So what would it look like? Let me sketch out a few examples. An early win would be an immediate moratorium on airport expansion and a plan to deliver a fair 80 per cent cut in all air travel by 2030. Also, no more new internal combustion engine cars would be built from 2025, and there would be a huge shift away from private cars in cities and urban environments coupled with a shift towards public transport and active travel. Maybe rural communities would continue to use EVs, but with a rental rather than ownership model. Also necessary would be the retrofit of existing homes, not just a pilot scheme, but actually rolling it out street by street at mass scale. Passive house standards would be required on all new properties and also a maximum size threshold. Why are we building homes that are 200 to 400m2? Cut this to a maximum of 100 to 150m2 – still large homes – but with much less resource and material use, and of course less land! And when we sell existing very large houses, have them carefully and creatively divided into normal-sized homes.
All of which would free up labour and resources to achieve the necessary decarbonisation agenda. On top of all of this we need a massive expansion of electrification in the energy system. This is an unprecedented scale and rate of change – pushing the productive capacity of society to its limit and consequently demanding the reallocation of labour and resources to deliver a decarbonised, sustainable and prosperous future.
But how are we to get political buy-in for this revolutionary shift in norms? I don’t think it is necessarily that hard to get the vast majority of the population behind such positive change; it requires honesty and candour. The majority of people will be better off in virtually all aspects of their lives. Not only the elimination of fuel poverty – at last – but improved and warmer homes, reduced bills and much better indoor and outdoor air quality, leading to healthier children more able to participate fully in school. Clean, efficient and reliable public transport – for all citizens – less noise, more usable urban space for parks, cafes, playing fields and the many other facilities that make a thriving community. And all of this requires skilled and trained employees – quality and secure jobs, not just temporary call-centre work. In short, for the vast majority, this is a significant improvement in quality of life – and, as a side benefit, no more carbon emissions and much less overall pollution.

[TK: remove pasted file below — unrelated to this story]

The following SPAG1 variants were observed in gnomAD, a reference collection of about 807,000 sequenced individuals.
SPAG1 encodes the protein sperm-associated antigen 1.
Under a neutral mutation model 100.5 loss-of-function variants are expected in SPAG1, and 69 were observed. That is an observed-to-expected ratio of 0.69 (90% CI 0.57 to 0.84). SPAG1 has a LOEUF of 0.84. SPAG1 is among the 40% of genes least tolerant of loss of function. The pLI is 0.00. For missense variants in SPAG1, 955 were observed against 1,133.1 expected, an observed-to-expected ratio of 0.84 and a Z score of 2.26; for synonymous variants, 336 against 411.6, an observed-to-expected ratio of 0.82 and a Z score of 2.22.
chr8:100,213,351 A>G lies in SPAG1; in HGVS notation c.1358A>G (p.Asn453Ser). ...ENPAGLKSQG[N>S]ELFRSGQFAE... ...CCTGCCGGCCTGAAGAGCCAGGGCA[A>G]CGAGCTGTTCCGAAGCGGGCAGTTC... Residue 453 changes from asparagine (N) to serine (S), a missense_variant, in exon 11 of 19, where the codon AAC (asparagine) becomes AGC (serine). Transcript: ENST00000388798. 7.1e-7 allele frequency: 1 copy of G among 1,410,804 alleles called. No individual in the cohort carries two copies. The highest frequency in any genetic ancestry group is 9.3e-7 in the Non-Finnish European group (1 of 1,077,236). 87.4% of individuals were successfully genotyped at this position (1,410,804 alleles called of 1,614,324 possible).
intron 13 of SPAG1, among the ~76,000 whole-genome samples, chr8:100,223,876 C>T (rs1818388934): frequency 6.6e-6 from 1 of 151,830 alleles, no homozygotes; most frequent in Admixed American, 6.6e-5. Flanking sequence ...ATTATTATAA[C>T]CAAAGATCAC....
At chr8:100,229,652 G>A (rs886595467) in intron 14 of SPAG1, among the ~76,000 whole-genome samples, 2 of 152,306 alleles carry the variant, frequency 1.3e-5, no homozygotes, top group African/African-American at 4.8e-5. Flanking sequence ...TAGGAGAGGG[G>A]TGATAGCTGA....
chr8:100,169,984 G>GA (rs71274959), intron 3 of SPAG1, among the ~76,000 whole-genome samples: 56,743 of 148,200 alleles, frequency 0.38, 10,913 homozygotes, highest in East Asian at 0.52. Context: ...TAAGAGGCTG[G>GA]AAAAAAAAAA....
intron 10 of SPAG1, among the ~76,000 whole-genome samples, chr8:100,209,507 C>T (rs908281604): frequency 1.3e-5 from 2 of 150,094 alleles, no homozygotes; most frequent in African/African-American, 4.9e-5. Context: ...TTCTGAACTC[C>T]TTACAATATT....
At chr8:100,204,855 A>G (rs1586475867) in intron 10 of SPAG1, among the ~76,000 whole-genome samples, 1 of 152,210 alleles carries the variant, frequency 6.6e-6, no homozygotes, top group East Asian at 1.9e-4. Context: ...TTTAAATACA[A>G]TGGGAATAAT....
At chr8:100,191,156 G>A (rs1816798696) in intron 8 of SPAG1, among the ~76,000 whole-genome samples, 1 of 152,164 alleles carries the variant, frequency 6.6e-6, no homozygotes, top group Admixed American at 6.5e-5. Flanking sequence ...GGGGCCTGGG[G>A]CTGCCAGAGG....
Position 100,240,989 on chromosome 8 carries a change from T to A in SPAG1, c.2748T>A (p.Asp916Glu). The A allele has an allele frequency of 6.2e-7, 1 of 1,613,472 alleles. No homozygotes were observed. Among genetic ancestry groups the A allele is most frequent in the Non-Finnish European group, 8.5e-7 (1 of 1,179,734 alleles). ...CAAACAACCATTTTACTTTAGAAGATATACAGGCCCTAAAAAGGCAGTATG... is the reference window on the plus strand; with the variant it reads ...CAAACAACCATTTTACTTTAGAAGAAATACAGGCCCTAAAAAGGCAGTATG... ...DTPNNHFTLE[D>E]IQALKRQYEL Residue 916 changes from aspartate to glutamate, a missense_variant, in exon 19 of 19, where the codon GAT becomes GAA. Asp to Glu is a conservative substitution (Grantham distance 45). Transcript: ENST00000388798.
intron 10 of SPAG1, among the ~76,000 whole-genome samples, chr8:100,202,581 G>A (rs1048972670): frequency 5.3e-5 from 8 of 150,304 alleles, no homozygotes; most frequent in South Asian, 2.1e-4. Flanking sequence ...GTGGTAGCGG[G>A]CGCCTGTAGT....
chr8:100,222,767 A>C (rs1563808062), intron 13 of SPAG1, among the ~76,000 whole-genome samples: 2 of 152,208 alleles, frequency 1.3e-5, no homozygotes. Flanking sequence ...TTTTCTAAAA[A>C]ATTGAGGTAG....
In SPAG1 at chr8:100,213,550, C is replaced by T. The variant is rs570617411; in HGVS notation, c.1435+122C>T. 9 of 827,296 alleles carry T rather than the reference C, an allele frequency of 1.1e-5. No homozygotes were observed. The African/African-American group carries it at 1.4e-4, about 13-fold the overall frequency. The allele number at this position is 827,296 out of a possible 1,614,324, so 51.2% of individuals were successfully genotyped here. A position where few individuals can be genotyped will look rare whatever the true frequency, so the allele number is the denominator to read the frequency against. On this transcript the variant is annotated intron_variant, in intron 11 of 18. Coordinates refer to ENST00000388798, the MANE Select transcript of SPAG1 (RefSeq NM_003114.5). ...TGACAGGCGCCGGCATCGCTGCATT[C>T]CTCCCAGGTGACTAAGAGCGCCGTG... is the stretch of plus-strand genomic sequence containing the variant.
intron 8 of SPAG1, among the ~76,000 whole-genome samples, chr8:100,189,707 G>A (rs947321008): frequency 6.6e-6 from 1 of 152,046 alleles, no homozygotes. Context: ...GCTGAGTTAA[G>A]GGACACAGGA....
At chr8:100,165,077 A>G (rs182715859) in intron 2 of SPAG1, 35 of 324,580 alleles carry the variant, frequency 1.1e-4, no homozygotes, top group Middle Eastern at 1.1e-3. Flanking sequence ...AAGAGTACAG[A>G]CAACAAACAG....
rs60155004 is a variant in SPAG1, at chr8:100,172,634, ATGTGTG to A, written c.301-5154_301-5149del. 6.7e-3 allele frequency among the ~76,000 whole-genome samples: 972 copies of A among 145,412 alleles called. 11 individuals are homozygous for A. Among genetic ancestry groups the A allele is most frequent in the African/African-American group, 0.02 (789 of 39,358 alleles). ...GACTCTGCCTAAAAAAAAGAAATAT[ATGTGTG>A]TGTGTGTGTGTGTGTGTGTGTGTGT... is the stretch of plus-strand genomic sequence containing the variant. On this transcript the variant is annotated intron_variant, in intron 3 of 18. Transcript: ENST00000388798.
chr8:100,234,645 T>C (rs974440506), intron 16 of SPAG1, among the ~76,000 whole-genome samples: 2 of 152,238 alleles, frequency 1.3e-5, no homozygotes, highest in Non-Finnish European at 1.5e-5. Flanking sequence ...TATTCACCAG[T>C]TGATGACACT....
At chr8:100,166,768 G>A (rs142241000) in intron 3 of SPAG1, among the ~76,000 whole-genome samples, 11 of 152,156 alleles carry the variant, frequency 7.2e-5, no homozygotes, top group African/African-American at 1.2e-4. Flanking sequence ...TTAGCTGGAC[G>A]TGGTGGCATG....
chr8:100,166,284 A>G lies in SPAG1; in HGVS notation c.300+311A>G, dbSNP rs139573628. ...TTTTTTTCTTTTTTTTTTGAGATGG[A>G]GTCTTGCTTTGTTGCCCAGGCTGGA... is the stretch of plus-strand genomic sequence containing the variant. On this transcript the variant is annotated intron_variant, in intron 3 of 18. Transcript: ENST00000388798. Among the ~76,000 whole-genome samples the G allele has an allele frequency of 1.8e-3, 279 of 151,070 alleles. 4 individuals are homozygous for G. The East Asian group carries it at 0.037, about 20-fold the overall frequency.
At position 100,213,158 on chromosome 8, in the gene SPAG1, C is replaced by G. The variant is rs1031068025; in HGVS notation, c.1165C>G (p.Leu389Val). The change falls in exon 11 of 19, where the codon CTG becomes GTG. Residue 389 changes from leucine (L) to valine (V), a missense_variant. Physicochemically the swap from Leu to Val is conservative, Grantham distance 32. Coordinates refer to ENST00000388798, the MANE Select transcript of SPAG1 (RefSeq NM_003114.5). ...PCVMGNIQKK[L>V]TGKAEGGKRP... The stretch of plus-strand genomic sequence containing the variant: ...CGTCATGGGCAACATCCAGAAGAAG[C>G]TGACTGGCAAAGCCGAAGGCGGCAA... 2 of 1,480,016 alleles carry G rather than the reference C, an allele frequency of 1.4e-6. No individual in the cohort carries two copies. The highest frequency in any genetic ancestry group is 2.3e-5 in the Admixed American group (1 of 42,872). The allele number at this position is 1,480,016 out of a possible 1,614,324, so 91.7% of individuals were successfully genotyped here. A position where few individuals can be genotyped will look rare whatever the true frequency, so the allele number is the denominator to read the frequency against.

How will society pay for such a progressive future? I can hear some people ask. That’s where the rapid shift in labour and resources is really important. We know what to do and we know that most people will be much better off. But a relatively small, very high-consuming group of us will face major material sacrifice – and, of course, apart from a few exceptions, we will not do this voluntarily. So the question is much less ‘what do we need to do?’ We already know. Nor is it how to fund it. We know how to do that too – through, for example, a Green New Deal scheme – and that we have the necessary money and wealth in society for this. The question is ‘how do we change the debate so that it’s no longer driven by the owners of the mainstream media, the senior journalists and academics, the entrepreneurs and the policy makers?’ – all of whom are in the high emission category and have successfully side-lined the central role of equity in the debate. This has to change if we’re not to face the calamitous prospects of rapidly rising temperatures and the impacts that will ensue.
But how do we get the debate opened up? How can the silent majority, who will do really well out of these changes, have their voices heard without being twisted by those running the show? If the media, ‘the great and good’, experts and we high-emitters continue to have our way, there will be no shift in business-as-usual until we’re hit by the climate chaos of inaction. If, however, enough voices can break through the stifling status quo, perhaps a more honest and inclusive debate can be catalysed. As we have progressed beyond the climate deniers, so now we need to move beyond the ‘mitigation deniers’ who greenwash business-as-usual. To me at least, the rise of civil society engagement on climate issues along with real-world technologies demonstrating what is already possible, suggest that we may be in the foothills of a social and technical tipping point. Of course, we can’t know this until we are actually living through it. But we can increase its likelihood and hasten the demise of the high-carbon status quo by repeatedly and coherently countering the ‘mitigation deniers’ wherever they may reside.